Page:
Purpose of Pupil Premium
The Government introduced Pupil Premium in 2011. It is additional to main school funding and is intended to address the current underlying inequalities between children eligible for free school meals (FSM) and their peers by ensuring that funding to tackle disadvantage reaches the pupils who need it most.
The Pupil Premium is allocated to schools to work with pupils who have been registered for free school meals at any point in the last six years.
Schools also receive funding for children who have been looked after continuously for more than six months, and children of service personnel.
Barriers for Disadvantaged Pupils
At Bevington we have identified a number of barriers which disadvantaged pupils (those entitled to Pupil Premium) face through their time at Bevington Primary School. These are barriers which can impact on pupils’ attainment, progress and wellbeing, particularly in comparison to their peers.
The main barriers we have identified are:
- Arrival in school with below average attainment, especially in speech, language and communication
- Decreased likelihood of fulfilling complete academic potential – especially higher ability learners
- Fewer opportunities outside school for enrichment and wider personal development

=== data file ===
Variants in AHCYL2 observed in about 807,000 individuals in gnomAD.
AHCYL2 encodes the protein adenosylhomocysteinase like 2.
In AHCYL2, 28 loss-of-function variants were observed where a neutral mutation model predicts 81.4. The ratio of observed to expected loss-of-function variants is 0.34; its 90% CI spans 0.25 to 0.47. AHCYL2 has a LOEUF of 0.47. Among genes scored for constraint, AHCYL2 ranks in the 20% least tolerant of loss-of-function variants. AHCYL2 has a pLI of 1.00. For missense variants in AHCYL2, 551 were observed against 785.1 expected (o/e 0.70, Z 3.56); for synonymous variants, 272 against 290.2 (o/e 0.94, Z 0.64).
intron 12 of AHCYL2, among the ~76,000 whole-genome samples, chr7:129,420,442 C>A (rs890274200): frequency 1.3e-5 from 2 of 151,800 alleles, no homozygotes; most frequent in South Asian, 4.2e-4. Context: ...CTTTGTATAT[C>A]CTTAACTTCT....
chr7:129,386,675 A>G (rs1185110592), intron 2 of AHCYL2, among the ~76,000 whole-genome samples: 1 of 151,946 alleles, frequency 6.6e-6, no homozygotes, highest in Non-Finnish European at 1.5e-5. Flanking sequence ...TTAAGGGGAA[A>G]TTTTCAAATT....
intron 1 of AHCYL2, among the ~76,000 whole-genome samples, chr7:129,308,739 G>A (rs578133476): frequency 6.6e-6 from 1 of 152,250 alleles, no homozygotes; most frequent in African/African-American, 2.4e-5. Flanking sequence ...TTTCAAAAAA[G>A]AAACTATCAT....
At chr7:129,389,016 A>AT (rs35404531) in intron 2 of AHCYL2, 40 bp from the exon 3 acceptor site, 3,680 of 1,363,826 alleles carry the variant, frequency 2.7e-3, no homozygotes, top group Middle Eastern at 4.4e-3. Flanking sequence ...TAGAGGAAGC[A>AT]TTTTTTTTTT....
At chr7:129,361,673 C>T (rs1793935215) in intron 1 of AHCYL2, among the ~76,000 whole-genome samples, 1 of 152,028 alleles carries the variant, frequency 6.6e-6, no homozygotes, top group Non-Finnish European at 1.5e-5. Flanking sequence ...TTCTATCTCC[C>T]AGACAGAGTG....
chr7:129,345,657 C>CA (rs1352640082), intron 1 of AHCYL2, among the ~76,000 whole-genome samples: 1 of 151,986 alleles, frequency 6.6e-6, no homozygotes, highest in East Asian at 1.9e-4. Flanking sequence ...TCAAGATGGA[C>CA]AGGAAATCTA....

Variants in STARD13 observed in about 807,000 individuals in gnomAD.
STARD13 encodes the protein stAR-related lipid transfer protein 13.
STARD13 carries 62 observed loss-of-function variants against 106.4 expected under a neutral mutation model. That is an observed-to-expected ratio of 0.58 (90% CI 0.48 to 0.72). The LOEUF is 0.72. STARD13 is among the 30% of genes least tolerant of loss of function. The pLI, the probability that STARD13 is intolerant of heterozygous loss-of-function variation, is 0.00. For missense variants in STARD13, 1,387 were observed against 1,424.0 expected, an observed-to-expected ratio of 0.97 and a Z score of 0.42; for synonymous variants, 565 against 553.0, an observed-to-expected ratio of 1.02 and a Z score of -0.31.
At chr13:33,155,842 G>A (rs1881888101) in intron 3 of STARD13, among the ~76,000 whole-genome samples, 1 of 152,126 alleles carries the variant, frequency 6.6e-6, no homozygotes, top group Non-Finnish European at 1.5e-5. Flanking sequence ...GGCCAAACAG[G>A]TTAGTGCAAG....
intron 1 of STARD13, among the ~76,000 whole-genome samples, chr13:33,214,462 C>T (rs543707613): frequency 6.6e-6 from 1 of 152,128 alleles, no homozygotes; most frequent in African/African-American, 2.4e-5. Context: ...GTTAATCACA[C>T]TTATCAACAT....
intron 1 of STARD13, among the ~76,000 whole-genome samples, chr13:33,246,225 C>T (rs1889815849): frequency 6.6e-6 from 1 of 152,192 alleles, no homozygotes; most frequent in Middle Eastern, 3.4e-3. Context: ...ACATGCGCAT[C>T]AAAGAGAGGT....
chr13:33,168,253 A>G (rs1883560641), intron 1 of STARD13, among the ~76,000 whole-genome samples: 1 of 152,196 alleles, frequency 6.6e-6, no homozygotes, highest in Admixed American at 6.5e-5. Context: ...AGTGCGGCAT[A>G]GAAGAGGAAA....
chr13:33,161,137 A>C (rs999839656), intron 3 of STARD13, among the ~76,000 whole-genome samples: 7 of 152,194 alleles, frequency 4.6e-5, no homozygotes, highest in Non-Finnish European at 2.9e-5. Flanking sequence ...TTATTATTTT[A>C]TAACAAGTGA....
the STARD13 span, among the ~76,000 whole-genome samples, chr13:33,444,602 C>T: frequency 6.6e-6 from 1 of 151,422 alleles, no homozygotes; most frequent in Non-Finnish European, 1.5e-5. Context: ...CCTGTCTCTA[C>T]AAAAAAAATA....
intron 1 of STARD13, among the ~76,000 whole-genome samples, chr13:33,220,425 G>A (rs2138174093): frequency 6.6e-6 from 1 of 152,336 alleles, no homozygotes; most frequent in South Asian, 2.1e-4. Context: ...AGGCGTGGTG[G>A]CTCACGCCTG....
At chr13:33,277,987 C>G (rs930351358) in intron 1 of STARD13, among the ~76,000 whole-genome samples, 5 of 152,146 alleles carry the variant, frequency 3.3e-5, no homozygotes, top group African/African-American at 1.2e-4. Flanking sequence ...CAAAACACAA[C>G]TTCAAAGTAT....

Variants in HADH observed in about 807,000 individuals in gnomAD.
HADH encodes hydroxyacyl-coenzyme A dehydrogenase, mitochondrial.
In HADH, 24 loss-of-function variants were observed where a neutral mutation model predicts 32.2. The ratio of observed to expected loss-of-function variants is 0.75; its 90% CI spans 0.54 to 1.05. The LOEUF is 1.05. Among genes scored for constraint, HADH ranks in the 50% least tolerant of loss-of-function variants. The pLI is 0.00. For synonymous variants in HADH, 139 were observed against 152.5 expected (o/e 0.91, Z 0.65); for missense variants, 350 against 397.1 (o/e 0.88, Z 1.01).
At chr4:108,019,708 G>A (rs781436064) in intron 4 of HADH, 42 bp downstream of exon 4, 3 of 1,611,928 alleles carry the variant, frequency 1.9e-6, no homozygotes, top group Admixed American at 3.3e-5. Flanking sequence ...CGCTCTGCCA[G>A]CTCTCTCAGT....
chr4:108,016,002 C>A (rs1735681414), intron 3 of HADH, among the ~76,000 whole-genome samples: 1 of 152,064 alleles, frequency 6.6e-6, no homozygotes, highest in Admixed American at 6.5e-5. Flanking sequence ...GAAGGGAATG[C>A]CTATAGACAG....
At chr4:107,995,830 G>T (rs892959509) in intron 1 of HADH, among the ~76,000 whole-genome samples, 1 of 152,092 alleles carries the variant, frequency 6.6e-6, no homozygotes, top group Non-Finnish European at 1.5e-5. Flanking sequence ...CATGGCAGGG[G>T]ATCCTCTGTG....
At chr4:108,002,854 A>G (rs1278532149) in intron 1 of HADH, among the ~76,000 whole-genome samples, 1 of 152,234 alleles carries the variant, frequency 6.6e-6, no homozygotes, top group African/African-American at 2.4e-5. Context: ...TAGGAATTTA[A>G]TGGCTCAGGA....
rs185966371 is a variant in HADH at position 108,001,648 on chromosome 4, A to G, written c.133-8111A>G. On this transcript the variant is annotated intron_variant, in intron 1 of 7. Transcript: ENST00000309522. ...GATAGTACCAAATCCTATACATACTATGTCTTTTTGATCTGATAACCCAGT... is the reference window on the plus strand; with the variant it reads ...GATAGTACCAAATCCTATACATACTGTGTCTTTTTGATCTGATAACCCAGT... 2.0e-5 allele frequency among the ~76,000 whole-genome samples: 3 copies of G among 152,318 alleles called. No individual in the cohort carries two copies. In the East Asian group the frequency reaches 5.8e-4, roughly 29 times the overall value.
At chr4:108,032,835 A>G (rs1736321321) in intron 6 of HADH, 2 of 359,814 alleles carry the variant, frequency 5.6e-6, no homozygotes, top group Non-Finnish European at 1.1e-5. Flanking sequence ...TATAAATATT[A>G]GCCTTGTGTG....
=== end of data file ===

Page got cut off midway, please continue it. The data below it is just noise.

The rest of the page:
- Inconsistent attendance and punctuality
- Increased risk of social and emotional difficulty
- Lack of opportunity to prepare fully for life in modern Britain
How Bevington uses its Pupil Premium
At Bevington, we target our use of Pupil Premium funding to remove the barriers we have identified and improve standards for eligible pupils. In 2017-18, Pupil Premium eligible pupils form 42% of the school population.
We do this through seven main funding categories:
- Class Support
- Learning Mentor
We track our expenditure carefully through the year, and we are continuously assessing the impact of this funding.
In 2016-17, we received £180,905 as our Pupil Premium
In 2017-18, we expect to receive £161,040 of Pupil Premium funding
Expenditure and Impact
At Bevington, we expect all pupils to achieve their potential, regardless of background or starting point.
As a result, disadvantaged pupils consistently perform equal to, if not above, the standard of their peers by the end of their time in Bevington.
In 2017, 63% of the disadvantaged pupils in our Reception cohort achieved the Good Level of Development, compared to the cohort average of 74%.
However, in 2017, 95% of disadvantaged pupils achieved the combined expected standard by the end of KS2. We are still awaiting local and national figures to complete a full comparison, however we are confident that this is significantly higher than the achievement of other pupils locally and nationally.
This shows that disadvantaged pupils at Bevington make exceptional progress, and that by the end of their time at our school, any differences between them and their peers are diminished.
Children achieving the Combined Standard at the end of KS2 2017
For more information on the performance of our disadvantaged pupils, and the impact of our funding, please see our Pupil Premium Report document (above)
Pupil Premium Review
We review our Pupil Premium funding in line with the financial year (April-April), however we measure its impact in line with the academic year (September-September).
We are constantly measuring the daily impact of our Pupil Premium expenditure, however this will next be reviewed formally in September 2018.